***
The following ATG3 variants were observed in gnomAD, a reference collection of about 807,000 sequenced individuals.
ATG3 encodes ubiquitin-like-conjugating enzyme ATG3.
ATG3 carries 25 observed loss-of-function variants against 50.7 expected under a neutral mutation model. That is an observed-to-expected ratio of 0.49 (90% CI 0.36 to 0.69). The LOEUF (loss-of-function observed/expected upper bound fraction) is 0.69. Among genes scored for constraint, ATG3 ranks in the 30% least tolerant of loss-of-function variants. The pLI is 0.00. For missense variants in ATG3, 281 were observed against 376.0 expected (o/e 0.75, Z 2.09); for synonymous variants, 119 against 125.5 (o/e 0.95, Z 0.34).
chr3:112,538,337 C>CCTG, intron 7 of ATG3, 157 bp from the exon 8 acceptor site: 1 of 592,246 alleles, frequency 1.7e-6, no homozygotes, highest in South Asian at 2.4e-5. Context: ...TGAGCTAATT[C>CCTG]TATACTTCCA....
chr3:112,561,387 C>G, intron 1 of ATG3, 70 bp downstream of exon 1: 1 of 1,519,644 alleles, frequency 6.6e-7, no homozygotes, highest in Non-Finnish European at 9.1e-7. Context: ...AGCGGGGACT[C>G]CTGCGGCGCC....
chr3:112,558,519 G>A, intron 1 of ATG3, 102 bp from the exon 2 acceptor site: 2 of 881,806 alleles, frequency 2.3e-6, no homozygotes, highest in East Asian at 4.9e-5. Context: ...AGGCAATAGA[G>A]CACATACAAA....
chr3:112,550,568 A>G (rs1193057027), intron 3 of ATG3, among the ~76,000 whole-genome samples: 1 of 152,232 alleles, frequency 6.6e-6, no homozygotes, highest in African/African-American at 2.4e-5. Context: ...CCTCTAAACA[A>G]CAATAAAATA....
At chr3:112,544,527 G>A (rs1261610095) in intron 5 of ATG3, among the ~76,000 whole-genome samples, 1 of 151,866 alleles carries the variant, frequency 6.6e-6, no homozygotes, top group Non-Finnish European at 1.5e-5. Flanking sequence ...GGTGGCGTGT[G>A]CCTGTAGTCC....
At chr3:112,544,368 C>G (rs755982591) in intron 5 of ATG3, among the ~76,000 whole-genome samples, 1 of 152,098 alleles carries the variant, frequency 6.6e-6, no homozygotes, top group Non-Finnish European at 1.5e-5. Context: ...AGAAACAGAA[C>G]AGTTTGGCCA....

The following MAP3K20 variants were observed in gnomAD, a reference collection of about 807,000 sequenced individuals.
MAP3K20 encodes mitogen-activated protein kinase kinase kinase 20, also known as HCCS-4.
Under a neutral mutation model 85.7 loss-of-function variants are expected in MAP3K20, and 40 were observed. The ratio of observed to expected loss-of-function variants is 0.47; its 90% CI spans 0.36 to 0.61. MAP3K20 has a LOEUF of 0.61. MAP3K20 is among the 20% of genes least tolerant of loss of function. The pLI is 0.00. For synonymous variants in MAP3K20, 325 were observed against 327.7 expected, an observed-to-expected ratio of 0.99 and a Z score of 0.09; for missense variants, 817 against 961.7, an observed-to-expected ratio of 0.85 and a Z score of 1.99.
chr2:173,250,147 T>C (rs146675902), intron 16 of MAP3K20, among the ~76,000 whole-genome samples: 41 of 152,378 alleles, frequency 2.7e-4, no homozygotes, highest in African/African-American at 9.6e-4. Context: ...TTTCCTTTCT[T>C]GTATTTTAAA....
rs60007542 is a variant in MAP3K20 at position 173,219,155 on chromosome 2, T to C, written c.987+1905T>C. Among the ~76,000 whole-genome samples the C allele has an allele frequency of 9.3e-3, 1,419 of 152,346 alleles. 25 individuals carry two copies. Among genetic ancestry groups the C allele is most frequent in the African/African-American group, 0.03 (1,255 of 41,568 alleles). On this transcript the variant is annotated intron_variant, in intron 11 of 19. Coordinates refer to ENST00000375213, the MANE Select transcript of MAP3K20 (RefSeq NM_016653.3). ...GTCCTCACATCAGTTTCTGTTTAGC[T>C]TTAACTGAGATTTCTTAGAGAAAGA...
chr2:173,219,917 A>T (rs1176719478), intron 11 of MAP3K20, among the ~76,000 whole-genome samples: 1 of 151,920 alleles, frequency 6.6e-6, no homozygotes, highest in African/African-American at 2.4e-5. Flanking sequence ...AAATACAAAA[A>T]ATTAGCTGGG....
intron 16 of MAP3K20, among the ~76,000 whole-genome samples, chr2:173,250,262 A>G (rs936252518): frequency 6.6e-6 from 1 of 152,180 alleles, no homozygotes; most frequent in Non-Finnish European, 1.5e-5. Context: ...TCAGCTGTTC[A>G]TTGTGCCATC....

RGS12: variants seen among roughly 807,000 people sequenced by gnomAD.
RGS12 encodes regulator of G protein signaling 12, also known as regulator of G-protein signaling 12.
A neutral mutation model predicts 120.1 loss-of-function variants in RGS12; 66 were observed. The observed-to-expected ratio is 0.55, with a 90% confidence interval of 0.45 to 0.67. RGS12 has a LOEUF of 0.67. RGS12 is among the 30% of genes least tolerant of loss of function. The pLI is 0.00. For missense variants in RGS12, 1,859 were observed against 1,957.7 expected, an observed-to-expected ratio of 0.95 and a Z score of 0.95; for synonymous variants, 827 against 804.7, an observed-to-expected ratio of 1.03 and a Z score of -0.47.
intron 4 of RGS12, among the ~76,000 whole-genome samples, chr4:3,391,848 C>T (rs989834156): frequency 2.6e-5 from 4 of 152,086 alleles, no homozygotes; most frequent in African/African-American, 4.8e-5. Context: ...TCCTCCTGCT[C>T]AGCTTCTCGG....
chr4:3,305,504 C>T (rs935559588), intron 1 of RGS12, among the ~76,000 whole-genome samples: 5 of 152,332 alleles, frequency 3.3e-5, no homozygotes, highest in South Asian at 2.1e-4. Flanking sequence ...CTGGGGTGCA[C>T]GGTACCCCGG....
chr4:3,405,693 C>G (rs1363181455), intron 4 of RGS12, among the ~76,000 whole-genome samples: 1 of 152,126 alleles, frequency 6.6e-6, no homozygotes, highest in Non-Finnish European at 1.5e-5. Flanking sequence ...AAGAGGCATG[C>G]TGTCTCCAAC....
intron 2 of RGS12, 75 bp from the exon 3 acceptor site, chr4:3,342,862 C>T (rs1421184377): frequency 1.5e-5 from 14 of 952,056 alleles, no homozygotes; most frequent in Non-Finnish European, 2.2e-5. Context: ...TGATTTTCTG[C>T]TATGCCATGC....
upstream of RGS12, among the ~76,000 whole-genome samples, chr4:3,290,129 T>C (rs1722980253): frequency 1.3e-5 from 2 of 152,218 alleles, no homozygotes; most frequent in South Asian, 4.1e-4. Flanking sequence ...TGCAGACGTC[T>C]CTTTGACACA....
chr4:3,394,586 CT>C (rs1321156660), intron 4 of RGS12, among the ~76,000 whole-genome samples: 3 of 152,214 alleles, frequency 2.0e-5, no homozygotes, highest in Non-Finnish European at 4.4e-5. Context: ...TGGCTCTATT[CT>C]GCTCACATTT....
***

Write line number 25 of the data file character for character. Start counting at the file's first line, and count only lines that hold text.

chr4:3,394,586 CT>C (rs1321156660), intron 4 of RGS12, among the ~76,000 whole-genome samples: 3 of 152,214 alleles, frequency 2.0e-5, no homozygotes, highest in Non-Finnish European at 4.4e-5. Context: ...TGGCTCTATT[CT>C]GCTCACATTT....